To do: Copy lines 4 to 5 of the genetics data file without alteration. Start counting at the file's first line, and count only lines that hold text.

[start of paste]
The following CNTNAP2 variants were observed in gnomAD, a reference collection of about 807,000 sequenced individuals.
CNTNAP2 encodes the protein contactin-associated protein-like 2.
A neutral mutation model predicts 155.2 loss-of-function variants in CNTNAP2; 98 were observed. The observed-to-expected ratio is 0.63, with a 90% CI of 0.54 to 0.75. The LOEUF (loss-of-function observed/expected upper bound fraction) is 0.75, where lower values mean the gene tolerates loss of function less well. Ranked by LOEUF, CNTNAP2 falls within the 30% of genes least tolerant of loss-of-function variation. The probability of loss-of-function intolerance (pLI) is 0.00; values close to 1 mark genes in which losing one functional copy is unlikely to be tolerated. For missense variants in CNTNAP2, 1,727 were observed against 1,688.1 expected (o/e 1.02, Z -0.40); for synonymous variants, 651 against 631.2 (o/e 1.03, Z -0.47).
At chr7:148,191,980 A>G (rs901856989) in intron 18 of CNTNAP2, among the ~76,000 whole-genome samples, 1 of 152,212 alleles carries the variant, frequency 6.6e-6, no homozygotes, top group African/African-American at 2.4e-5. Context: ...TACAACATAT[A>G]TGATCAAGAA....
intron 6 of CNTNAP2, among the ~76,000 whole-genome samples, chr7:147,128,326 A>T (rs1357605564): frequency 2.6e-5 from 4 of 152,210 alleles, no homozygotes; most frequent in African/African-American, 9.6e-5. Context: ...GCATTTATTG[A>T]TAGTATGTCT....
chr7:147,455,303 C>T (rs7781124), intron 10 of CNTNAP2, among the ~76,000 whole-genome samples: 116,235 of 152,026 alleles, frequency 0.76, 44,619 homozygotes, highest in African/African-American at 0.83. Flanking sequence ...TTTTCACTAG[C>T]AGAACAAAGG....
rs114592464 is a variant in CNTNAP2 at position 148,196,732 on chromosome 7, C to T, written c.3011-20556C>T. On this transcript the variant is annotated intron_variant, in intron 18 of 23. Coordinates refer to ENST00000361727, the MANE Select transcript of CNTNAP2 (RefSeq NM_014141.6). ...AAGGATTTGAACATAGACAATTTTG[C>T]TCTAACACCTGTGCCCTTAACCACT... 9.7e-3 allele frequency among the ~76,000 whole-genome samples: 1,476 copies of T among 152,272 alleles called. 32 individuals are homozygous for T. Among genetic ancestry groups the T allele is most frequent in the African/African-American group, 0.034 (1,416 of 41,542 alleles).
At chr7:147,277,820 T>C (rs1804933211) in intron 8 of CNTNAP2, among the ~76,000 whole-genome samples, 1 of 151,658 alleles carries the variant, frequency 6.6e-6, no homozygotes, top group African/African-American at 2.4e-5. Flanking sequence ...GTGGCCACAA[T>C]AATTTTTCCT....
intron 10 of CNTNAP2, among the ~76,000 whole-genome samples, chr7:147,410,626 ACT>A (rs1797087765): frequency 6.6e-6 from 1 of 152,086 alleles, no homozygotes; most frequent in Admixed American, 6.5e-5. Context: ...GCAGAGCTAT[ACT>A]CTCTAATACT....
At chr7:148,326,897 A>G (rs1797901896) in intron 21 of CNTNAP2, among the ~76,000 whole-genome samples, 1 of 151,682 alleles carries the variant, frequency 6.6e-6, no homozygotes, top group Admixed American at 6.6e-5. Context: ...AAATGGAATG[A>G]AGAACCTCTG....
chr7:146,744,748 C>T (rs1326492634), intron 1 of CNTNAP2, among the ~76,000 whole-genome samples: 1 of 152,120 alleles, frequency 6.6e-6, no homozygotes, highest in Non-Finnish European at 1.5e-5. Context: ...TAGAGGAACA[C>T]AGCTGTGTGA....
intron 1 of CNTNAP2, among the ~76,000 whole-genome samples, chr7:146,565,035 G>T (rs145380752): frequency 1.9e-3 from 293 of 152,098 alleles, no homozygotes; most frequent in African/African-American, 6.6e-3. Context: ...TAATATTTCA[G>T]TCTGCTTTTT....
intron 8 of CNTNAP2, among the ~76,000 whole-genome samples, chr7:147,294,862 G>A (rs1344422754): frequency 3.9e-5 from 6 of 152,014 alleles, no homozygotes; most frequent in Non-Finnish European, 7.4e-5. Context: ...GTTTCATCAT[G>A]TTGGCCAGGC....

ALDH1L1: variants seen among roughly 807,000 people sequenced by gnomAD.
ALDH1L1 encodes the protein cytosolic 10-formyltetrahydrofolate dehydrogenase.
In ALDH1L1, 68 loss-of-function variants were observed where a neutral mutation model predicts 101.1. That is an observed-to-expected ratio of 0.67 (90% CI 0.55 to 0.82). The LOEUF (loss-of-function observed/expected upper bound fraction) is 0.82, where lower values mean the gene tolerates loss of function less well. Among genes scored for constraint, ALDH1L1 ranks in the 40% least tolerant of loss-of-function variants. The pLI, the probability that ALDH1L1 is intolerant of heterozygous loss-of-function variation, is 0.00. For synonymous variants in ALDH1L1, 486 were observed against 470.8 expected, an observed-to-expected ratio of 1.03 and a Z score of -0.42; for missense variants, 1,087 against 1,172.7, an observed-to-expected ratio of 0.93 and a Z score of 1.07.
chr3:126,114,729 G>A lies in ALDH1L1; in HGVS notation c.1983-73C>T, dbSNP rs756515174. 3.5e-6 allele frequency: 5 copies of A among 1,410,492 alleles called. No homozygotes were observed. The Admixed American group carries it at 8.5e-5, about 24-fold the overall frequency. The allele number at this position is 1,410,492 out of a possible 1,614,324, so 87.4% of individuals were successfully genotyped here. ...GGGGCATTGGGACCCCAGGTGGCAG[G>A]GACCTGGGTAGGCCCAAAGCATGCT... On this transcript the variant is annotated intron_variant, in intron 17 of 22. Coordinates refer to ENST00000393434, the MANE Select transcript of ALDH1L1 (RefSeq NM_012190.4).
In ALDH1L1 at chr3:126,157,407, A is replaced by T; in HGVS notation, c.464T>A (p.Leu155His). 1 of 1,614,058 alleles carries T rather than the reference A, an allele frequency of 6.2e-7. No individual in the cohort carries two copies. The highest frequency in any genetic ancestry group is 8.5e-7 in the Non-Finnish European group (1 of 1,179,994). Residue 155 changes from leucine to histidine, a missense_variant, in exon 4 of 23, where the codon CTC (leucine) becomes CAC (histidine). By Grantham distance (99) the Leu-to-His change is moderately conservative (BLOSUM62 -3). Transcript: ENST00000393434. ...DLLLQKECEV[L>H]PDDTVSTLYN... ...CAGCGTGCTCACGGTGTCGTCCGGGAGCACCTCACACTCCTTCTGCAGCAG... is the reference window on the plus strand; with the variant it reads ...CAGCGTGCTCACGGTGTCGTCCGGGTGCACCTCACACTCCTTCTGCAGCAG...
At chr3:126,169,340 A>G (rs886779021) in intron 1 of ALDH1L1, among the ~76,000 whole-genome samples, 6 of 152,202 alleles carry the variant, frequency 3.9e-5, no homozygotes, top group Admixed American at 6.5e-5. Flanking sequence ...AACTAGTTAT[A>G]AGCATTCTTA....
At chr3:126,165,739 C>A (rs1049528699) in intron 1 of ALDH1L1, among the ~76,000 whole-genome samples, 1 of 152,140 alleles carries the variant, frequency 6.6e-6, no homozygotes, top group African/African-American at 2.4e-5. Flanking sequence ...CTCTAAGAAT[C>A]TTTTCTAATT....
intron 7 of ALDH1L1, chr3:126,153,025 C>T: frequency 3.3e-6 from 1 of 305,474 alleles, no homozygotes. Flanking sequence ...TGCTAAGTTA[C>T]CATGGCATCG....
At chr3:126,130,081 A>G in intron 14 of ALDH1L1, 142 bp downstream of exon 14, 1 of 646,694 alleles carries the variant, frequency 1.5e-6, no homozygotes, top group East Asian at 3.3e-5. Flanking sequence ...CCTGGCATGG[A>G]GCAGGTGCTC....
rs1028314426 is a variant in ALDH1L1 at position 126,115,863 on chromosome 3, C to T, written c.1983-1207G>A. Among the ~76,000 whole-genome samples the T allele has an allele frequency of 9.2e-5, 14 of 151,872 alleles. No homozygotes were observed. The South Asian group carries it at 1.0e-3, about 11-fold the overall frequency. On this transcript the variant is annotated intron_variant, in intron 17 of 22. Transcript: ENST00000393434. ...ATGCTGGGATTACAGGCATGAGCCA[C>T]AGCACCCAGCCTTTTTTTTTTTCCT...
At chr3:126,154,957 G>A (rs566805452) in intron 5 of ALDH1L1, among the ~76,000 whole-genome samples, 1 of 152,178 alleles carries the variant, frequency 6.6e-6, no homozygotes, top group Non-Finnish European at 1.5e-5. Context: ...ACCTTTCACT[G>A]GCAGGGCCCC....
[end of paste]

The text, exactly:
At chr7:148,191,980 A>G (rs901856989) in intron 18 of CNTNAP2, among the ~76,000 whole-genome samples, 1 of 152,212 alleles carries the variant, frequency 6.6e-6, no homozygotes, top group African/African-American at 2.4e-5. Context: ...TACAACATAT[A>G]TGATCAAGAA....
intron 6 of CNTNAP2, among the ~76,000 whole-genome samples, chr7:147,128,326 A>T (rs1357605564): frequency 2.6e-5 from 4 of 152,210 alleles, no homozygotes; most frequent in African/African-American, 9.6e-5. Context: ...GCATTTATTG[A>T]TAGTATGTCT....